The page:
Many growers struggle with thrips management because thrips are extremely small insects (1.5 – 2mm long) that are difficult to detect. Outbreaks also tend to be sporadic and often unpredictable, complicating management even further. To improve management, it is important to understand how thrips damage table grapes, as well as what the factors are that affect their occurrence in vineyards.
How do thrips damage grapes?
Egg-laying: Various species of thrips, mainly western flower thrips (Frankliniella occidentalis), citrus thrips (Scirtothrips aurantii), onion thrips (Thrips tabaci) and blossom or “kromnek” thrips (Frankliniella schultzei) damage table grapes during the flowering period by partially inserting their eggs under the epidermis of the ovaries and developing young grape berries. This results in halo spot damage, as seen in Figure 1a (right-below) and b (right-bottom).
Figure 1. Thrips eggs in grape berry (a) and halo spot scars (b).
Feeding: All thrips have piercing-sucking mouthparts (Fig. 2) and they feed by sucking the cell contents from plant cells or pollen grains.
Figure 2. (Above) Thrips mouthparts (from “Thrips as Crop Pests”, edited by T. Lewis, CAB International,1997).
Epi = epipharyngeal sclerite, cib = cibarium, pc = precibarium, mn = mandible, ms = maxillary stylets, sal = salivarium,
hyp = hypopharyngeal sclerite, oe = oesophagus.
Scar tissue is formed where thrips larvae and adults feed on young grape berries, resulting in corky scarring (Fig. 3) as the berries expand. Thrips can also cause damage by feeding on grape berries close to harvest, usually where berries touch each other. This results in fine pin-prick scars, often in a circular pattern (Fig. 4).
Thrips feeding also causes scarring damage on grapevine shoots and leaves (Fig. 5), which can lead to inhibition of shoot growth and even shoot die-back in severe cases. This type of damage often occurs in vineyards where high numbers of citrus thrips occur later in the In the Western Cape indigenous Heliothrips sylvanus (guava thrips) sometimes causes feeding damage, which appears mainly on leaves during the latter part of the season, when its indigenous host plants become dry and unpalatable. This mostly manifests as silvering (Fig. 6). Damaged leaves are also stippled with drops of excrement which the thrips use to repel predators.season.
Figure 3. Scarring caused by thrips feeding.
Figure 4. Thrips feeding damage on grape berries close to harvest.
Figure 5. Thrips feeding damage on shoots and leaves.
Figure 6. Silvering caused by Heliothrips sylvanus and drops of brown excrement produced by thrips to repel predators.
Thrips occurrence and management in vineyards
• Citrus thrips are indigenous and occur on many host plants in and around vineyards and orchards. They prefer to feed on new growth, and where citrus and table grapes grow near each other. Citrus thrips will move back and forth between the orchards and vineyards as the growth flushes occur.
• Although they are exotic species, blossom thrips, onion thrips and especially western flower thrips have become established on a wide range of local plants and weeds. • Therefore, it’s impossible to “spray out” or eliminate thrips from a vineyard, as thrips will come in from the surroundings as soon as the effect of the insecticide wears off. In other words, finding thrips in a vineyard two to three or more weeks after spraying does not mean that the product was ineffective.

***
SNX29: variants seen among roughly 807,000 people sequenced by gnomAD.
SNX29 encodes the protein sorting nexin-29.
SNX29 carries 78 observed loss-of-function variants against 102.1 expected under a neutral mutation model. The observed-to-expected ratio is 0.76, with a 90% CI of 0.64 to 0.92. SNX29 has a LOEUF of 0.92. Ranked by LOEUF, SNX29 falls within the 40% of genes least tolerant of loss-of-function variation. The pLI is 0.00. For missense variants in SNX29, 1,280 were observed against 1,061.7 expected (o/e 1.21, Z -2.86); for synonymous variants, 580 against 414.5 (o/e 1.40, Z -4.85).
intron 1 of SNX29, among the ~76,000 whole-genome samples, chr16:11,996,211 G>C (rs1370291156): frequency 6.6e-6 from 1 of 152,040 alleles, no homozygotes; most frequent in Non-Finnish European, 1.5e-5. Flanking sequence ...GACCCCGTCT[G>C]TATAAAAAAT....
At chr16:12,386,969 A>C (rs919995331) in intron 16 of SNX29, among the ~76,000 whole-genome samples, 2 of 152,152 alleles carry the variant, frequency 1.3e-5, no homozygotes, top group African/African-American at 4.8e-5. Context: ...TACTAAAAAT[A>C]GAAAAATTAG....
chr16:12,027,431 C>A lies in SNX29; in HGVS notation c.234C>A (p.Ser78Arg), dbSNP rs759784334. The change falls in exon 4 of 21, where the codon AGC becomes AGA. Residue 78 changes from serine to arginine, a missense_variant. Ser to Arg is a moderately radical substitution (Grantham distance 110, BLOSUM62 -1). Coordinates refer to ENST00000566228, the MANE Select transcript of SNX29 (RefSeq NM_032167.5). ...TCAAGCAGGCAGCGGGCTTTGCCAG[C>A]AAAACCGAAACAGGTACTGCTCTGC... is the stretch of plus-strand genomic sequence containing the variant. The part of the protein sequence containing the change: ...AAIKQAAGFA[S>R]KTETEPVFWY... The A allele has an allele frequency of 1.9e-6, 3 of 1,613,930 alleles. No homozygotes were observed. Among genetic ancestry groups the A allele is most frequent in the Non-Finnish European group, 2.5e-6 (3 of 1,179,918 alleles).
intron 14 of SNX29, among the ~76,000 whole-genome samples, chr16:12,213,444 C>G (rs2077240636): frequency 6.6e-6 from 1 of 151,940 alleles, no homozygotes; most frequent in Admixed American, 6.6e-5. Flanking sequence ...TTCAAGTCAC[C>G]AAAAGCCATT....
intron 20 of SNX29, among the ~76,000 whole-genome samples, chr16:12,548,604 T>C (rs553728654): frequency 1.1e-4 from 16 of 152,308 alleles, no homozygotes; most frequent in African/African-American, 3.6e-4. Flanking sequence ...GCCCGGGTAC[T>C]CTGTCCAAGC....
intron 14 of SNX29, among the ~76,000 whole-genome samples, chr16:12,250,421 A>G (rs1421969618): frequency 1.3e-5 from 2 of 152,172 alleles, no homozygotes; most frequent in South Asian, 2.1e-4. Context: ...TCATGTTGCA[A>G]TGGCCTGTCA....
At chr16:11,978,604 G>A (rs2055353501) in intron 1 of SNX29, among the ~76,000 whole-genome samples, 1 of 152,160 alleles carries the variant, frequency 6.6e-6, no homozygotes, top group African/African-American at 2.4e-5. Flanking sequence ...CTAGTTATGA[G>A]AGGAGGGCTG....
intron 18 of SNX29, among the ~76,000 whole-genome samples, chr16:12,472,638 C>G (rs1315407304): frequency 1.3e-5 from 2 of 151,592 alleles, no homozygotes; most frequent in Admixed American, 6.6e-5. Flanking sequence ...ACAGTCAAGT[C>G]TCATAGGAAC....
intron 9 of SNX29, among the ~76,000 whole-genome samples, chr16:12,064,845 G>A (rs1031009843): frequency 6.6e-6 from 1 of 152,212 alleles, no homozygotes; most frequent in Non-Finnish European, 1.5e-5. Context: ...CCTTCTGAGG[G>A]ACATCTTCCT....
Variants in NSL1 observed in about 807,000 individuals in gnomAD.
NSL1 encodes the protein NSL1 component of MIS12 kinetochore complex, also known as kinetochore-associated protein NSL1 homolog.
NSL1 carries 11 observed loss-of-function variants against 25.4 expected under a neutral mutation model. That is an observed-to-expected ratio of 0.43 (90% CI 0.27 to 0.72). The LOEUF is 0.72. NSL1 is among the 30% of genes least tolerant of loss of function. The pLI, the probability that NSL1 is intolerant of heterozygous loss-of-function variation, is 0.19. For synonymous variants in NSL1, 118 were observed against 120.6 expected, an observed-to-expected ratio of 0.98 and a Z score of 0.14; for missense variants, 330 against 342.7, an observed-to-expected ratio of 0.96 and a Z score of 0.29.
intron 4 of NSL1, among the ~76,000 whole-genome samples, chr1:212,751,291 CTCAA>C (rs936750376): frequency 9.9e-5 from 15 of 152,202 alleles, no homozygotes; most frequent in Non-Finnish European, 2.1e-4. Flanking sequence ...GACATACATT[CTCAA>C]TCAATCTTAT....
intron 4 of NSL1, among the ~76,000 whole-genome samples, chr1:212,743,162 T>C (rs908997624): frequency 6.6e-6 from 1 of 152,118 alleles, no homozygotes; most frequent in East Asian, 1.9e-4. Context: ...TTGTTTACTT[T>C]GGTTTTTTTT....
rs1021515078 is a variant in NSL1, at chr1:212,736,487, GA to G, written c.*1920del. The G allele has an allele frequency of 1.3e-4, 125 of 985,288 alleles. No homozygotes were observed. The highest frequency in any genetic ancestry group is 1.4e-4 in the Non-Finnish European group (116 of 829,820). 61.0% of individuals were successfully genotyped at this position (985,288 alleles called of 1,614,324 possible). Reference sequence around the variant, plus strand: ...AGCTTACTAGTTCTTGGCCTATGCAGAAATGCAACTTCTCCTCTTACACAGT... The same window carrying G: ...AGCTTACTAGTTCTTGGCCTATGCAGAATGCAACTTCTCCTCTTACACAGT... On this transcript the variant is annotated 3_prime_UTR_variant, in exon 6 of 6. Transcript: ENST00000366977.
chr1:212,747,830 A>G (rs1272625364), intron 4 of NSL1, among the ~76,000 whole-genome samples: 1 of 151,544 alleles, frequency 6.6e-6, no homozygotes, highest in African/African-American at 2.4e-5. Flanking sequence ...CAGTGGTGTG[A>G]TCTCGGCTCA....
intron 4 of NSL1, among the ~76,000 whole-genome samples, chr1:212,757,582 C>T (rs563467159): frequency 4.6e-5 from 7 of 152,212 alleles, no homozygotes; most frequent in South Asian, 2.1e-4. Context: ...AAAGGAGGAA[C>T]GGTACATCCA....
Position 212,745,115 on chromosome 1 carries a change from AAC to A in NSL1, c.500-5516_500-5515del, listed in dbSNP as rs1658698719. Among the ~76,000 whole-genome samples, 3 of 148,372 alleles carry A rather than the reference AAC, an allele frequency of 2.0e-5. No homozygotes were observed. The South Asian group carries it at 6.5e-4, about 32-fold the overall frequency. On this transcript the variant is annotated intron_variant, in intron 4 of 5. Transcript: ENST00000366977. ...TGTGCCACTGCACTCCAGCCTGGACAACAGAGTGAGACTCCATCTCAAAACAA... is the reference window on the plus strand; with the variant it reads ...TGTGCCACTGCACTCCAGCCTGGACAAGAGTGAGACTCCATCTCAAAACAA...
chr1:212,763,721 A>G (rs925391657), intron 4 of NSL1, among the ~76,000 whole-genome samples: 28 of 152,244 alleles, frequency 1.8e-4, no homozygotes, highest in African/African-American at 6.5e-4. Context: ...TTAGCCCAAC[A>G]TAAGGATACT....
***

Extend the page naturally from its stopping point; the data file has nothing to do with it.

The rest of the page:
• The aim with thrips management is to protect the grape berries and new growth from thrips damage during those times in the season when they are vulnerable.
• Monitoring is critical to ensure timely sprays. Blue and/or yellow sticky traps, as well as tapping of flower clusters and growth tips over a white container (preferably with a small amount of water or surgical spirits) can be used to determine if thrips are present.
• Not all thrips cause damage and to prevent unnecessary sprays for harmless or beneficial (predatory) species, thrips caught during monitoring should be identified by an expert.
• To protect young grape berries during flowering and berry set, monitoring should commence as soon as the inflorescences appear, particularly in vine-yards with a history of thrips damage. If pest thrips are present, insecticides should be applied before the caps of the flowers start opening up. Once eggs are laid in the ovary, it is too late to prevent halo spot damage.
• If monitoring shows that pest thrips are present when growth flushes occur, e.g. development of secondary shoots just after berry set in the northern region (Mpumalanga), or the postharvest growth flush, insecticides should be applied to prevent shoot damage and die-back.
• Thrips can develop resistance to insecticides very quickly if the same product is used repeatedly during the same season. Therefore, it’s important to alternate between products with different modes of action. The IRAC group code on the product label indicates the mode of action. For resistance management, producers should alternate between products with different IRAC group codes.
• Example: According to Table 1, Delegate (IRAC 5A) can be alternated with Closer (IRAC 4C), but not with Tracer (IRAC 5A).
• Sugar is a feeding stimulant only and adding it to an insecticide could result in the thrips spending more time feeding, thus increasing exposure to the contact insecticide. The sugar does not attract thrips over a distance, therefore it won’t draw in thrips from surrounding vegetation.